In late 1998 the then CEO of Siemens AG, Heinrich von Pierer, introduced a global ten-point plan, where it would sell or spin off one-seventh of its entire domain and exit from its defence businesses. The revamped Siemens consisted of four main divisions: power generation, industry, rail systems, and information and communications.[7] Siemens' biggest division – 'Siemens Information and Communication Networks' (SICN) – later to be commonly known as 'Siemens Communications' ('Siemens COM') – was formed on 1 October 1998 as part of major restructuring and recombining of the Siemens information and communication activities.[8]

All of its previous communications and information technology based acquisitions were amalgamated into Siemens COM to provide products, systems, solutions, servicing and support for setting up, operating and maintaining complete corporate and carrier networks, which included ancillary services including network planning and financial consultancy.[9] When Siemens COM was formed, it had around 60,000 employees and sales of about US$14 billion.[10]

Siemens COM division gave greater emphasis into the U.S. market – a market dominated by Nortel Networks, Lucent Technologies, and Cisco Systems. In 1999, it acquired two Massachusetts-based private data networking companies, Castle Networks Inc and Argon Networks Inc. Further, in 2001, Siemens made its first listing on the NYSE, and adopted more transparent American-style accounting practices along with the publishing of annual results.[7]

In March 2002, Siemens Communications combined two parts of its enterprise business – Enterprise Sales and Marketing, and Customer Service – into one unit the 'Enterprise Networks' business.[11] Thus, Siemens Communications was divided into two major business units – one for Mobile Networks and Fixed Networks and the other for Enterprise business.

Division of Siemens Communications (2006–2013)[edit]

On 1 October 2006, Siemens AG divided Siemens Communications into two companies – Siemens Networks GmbH & Co. KG and Siemens Enterprise Communications GmbH & Co. KG[12] – in order to pursue strategic alliances in information and communication technology (ICT).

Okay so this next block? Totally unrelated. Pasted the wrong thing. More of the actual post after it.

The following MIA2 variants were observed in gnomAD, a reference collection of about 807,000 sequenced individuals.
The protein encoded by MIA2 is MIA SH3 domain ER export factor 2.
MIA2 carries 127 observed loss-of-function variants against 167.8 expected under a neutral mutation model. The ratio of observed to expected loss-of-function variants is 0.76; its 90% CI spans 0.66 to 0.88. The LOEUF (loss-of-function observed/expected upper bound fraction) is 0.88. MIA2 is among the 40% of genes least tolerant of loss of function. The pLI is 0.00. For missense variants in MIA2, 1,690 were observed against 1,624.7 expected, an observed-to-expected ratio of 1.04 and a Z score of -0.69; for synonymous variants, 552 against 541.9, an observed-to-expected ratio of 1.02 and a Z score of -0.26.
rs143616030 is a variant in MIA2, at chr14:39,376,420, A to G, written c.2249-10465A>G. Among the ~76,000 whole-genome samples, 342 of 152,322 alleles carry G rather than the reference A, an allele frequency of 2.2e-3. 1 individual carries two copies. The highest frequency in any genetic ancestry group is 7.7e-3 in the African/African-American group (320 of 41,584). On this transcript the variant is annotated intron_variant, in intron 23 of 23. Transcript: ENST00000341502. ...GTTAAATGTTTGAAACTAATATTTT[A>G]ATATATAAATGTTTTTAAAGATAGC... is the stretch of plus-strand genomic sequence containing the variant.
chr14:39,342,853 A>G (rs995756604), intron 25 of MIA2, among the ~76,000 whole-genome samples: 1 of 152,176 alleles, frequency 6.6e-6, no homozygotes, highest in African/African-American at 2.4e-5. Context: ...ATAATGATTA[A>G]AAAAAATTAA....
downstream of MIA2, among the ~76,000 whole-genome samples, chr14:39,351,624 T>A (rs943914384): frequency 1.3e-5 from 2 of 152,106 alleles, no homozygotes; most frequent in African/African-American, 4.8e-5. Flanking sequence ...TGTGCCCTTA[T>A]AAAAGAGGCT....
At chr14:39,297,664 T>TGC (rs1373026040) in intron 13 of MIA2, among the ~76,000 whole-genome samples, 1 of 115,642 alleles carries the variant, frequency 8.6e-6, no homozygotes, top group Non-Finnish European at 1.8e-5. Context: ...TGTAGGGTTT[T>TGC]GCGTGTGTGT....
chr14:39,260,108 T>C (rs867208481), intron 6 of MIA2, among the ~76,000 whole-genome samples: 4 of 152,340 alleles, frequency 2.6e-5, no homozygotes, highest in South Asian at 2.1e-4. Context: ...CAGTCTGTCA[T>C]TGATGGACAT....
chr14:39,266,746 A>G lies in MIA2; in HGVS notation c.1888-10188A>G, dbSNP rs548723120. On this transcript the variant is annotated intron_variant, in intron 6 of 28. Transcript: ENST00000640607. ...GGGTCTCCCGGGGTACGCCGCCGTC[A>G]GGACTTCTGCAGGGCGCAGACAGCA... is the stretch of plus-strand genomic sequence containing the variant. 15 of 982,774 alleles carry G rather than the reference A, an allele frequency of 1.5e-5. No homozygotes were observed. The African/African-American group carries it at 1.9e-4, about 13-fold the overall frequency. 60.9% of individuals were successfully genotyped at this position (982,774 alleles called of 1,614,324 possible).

The carrier business (mobile networks, fixed networks, carrier services) became Siemens Networks GmbH & Co. KG, which later merged with Nokia to form a joint venture Nokia Siemens Networks LLC, where Nokia Oyj held 50.1% and Siemens 49.9%. In 2013, Nokia acquired 100% of Nokia Networks, buying all of Siemens' shares.[13] In April 2014, the NSN name was phased out as part of a rebranding process.[14] [15]

Siemens Enterprise Communications GmbH & Co. KG was split from the enterprise division.[16] Two years later, in October 2008 it merged into a new entity Siemens Enterprise Communications – a joint venture between Siemens AG (49%) and the Gores Group (51%) to collaborate across wireless, fixed and enterprise networks. The venture was named Open Communications, and the IP phones it produces are called OpenStage.

The Wireless Modules business unit of Siemens Communications (which designs and manufactures GSM and 3G modules for the M2M markets) moved to Siemens' Automation & Drives division, and became a stand-alone entity known as Cinterion Wireless Modules, later acquired by Gemalto.

Realitis is a PABX telephone system built in the United Kingdom. It is now branded as Hipath DX. It is the replacement to the ISDX PABX, also built by Siemens.


  1. ^ "Siemens history". Retrieved 29 June 2012.
  2. ^ "Company History – Siemens Ltd". Retrieved 10 July 2012.
  3. ^ "Funding universe – Siemens AG History". Retrieved 10 July 2012.
  4. ^ a b "Siemens Stromberg-Carlson Changes Name to Siemens Telecom Networks". Retrieved 10 July 2012.
  5. ^ "Siemens history". Retrieved 10 July 2012.
  6. ^ "Siemens AG: From Small Workshop To Global Company". Retrieved 10 July 2012.
  7. ^ a b "Siemens AG – Company Profile, Information, Business Description, History, Background Information on Siemens". Retrieved 10 July 2012.
  8. ^ " – Siemens Information and Communication Networks History". Archived from the original on 6 September 2013. Retrieved 10 July 2012.
  9. ^ "Siemens Business Services History". Retrieved 10 July 2012.[permanent dead link]
  10. ^ "Redstone Communications, Inc. to Become Part of Newly Created Siemens Company Unisphere Solutions, Inc". Retrieved 10 July 2012.
  11. ^ "Management Structure Information". Archived from the original on 30 January 2012. Retrieved 10 July 2012.
  12. ^ "Siemens Communications – They're Not Dead Yet". Archived from the original on 2016-03-08. Retrieved 10 July 2012.
  13. ^ Ewing, Adam (2013-07-01). "Nokia Buys Out Siemens in Equipment Venture for $2.2 Billion (4)". Businessweek. Retrieved 2013-08-05.
  14. ^ "Nokia appoints Rajeev Suri as President and CEO and announces new strategy, program to optimize capital structure, and leadership team". 29 April 2014. Archived from the original on 2016-01-05. Retrieved 6 November 2016.
  15. ^ "Nokia Ushers In New Era, Retires NSN Name - Light Reading". Retrieved 6 November 2016.
  16. ^ "Siemens Business Communications to be Sold". Retrieved 10 July 2012.